Let’s start with the definition side first, shall we?

Certain types of testing that seems overlapping or similar to integration testing which may include regression, interoperability, platform, system, risk-based, field and compatibility testing.

Unit tested parts are combined to test overall functionality of the modules. Usually integration testing is considered as testing of interfaces involving different modules or units. Those modules are then observed and validated against acceptance criteria of implemented requirements, considering all modules as one system. 

Integration testing is performed parallel to the development. By the times, it becomes a challenge to test the modules which are not developed yet with the developed ones.

Let’s continue towards the REDEFINITION!

What is integration?
Integration Testing provides confidence upon product in three terms:
1. Functional
2. Performance
3. Reliability
In simple words, a process of constructing a product from properly designed and working units is called integration.
Keeping in mind the connectivity and interaction, I would like to add two more things:
1. Designing tests to determine the potential risk in integration
2. Testing performed knowing the potential risk in integration.

You can get encountered with a product (integrated) on which you only focus on exposing the borders, interactions and performance degree for reliability in that product verifying the functionality, not only aiming for defects but also to reduce their occurring at later stages.

So “Test designing and testing for integrated units is called integration testing.” When we talk about integration testing, there are 2 types of risks:

1. Risk
2. Potential Risk

They are as different as an apple and a banana.

Because Risk is followed by three parts:

1. Probability of occurrence
2. Influence on product
3. Partial uncertainty (may or may not but known)

Where as a “Potential Risk” is a ghost in dark you can’t see where it would be, so can’t aim it.
Potential Risk is followed by three points:

1. Significant uncertainty (you don’t know the occurrence probability of a bug)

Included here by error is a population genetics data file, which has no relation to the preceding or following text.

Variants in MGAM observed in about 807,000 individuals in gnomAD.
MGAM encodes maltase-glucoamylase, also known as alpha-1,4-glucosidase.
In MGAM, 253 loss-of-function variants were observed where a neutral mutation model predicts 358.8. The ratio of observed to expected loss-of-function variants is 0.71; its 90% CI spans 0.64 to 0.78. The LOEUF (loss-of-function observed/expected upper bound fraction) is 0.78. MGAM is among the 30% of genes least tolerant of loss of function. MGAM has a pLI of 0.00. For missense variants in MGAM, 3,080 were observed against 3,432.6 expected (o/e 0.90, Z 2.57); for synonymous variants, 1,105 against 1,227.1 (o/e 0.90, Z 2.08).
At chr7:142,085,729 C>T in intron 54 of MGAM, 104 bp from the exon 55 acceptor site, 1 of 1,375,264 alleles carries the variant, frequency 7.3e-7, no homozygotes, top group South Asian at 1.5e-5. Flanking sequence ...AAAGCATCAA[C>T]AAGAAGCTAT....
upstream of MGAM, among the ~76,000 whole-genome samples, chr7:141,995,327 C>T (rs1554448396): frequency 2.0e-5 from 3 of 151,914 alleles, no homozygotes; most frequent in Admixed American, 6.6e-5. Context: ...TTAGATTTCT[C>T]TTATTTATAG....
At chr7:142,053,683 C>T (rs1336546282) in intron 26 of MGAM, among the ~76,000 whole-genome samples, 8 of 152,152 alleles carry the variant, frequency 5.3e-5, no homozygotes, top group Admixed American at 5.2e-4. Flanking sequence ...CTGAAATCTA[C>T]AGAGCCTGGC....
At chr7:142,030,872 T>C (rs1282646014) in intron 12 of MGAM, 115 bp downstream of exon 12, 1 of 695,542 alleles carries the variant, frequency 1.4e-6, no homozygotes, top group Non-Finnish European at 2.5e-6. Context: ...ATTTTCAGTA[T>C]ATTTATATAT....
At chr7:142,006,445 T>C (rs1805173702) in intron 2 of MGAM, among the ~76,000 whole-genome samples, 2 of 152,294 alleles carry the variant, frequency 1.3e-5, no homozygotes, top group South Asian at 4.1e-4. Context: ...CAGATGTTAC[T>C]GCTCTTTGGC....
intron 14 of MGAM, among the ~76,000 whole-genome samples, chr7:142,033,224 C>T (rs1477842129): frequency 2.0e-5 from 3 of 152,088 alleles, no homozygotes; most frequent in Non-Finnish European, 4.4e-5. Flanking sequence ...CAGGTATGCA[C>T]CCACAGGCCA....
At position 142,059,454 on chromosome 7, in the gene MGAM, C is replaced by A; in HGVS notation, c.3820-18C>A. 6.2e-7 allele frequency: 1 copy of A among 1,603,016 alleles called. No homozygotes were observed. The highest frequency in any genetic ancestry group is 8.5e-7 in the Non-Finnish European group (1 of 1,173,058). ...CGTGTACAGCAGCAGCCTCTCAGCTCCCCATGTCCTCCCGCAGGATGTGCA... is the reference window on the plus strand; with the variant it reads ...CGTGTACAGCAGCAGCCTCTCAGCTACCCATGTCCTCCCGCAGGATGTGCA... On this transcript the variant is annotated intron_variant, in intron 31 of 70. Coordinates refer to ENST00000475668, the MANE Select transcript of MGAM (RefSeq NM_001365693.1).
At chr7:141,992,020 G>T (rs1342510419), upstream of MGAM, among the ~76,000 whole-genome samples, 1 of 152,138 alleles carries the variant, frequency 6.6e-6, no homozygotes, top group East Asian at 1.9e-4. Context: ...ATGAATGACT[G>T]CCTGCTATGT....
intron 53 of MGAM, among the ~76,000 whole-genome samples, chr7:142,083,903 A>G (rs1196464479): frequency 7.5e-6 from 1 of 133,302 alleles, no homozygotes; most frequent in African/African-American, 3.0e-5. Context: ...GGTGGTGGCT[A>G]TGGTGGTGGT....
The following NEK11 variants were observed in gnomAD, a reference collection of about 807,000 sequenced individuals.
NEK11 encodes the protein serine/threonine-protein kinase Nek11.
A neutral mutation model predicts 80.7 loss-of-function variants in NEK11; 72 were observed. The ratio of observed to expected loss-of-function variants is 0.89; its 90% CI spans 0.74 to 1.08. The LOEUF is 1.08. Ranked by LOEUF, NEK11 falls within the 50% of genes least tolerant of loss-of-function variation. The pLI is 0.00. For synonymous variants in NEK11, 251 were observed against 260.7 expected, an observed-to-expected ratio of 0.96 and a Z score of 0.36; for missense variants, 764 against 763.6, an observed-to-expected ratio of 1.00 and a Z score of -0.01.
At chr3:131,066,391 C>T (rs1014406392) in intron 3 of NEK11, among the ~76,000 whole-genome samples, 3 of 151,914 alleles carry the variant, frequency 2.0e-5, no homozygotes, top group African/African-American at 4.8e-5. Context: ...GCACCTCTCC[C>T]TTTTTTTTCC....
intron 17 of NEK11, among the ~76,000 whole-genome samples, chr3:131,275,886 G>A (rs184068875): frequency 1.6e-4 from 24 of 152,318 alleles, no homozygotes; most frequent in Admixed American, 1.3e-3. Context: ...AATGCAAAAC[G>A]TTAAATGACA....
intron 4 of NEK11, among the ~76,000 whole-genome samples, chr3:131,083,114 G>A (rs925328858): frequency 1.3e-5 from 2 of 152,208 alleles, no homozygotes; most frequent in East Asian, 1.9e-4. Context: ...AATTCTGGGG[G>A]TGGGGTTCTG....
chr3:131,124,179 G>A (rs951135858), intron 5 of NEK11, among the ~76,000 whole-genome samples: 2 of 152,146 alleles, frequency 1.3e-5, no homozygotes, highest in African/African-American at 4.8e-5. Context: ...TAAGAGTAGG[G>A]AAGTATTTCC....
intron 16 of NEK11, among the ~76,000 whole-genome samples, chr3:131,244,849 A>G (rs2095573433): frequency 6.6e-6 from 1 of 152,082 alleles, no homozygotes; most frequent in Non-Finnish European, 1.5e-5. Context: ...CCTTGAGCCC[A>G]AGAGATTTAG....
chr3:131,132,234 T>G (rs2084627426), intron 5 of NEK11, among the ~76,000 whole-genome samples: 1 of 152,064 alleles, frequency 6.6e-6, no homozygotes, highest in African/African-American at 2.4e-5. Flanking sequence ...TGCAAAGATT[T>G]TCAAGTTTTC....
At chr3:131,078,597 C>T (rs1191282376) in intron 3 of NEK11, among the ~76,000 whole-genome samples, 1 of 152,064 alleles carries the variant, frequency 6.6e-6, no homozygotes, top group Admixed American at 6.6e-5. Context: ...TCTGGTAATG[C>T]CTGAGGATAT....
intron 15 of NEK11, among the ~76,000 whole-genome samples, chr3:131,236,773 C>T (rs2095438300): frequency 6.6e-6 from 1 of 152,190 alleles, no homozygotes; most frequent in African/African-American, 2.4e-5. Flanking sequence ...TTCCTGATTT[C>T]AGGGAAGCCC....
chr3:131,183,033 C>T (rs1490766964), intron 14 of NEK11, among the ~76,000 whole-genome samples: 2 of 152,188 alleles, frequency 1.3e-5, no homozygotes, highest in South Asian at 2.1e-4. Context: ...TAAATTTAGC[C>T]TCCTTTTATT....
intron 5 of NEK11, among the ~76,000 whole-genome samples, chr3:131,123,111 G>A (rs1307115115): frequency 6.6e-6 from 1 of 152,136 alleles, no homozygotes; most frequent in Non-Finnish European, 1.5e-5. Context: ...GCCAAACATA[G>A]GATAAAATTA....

2. Impact of that bug in product.
3. Mere existence of a potential bug

For instance, a new product under test collapses back to your actions (stressful inputs let’s say). So this is a potential risk now. You would be completely unaware of it by skipping the stress testing. If you perform stress testing you may interact with high risk (major and more bugs) or low risk (fewer bugs).
Similarly when things are taken apart, integration risk takes the birth. A product behaves not only because of its parts but also by the internal and external environments, interaction and influences of those parts, environments and interactions.

Why Integration?

Answer to the question: what is the motivation of applying “Integration Testing” in our testing strategy?

1. To measure that all modules developed by different teams are up to the standard acceptance criteria or not.

2. To make sure that all modules works properly when integrated.

3. To measure the performance and working of external API’s with integrated modules.

4. Less time consuming when changes are requested and team has strict time schedule.

5. To check if the system is stable or not.

What to do while Integration Testing?

1. Cost Assessment: Write less time consuming and maximum risk avoiding tests.
2. Find New Paths: There is always another way to do one thing, find it.
3. Avoid Shortcuts: Don’t miss single ingredient in a scenario.
4. Test one at a time: Focus and record every move.
5. Don’t leave the test system in a bad/unknown state.

Pre-Requisites

1. Design Document
2. Version Tracking and Control
3. Unit Tested Modules.
4. Automated unit tests.

Pros and cons of Integration Testing

Pros:
1. Helps in understanding Test Behavior and infrastructure.
2. Helps in Quality Assurance accomplishment.
3. Makes the application Trustworthy and Reliable.
4. Makes Bug minimization afterwards.
5. Provides Customer Satisfaction.
6. Helps in Defects detection at early stage.
7. Makes less costly to fix the defects at early stage.
8. Provides confidence over individual modules and system.

Cons:
1. Hard to test all critical paths.
2. Harder to localize source of errors.
3. Strict time schedule.

Integration testing is not only a technique; it’s an art of discovering the flaws of a product. Catch them before the client catch you.

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Author’s Introduction:

Zeeshan Khalid is an experienced Software Quality Engineer. His focus of work is on Web and Mobile based technologies. Zeeshan currently works at Kualitatem Inc and lives in Lahore, Pakistan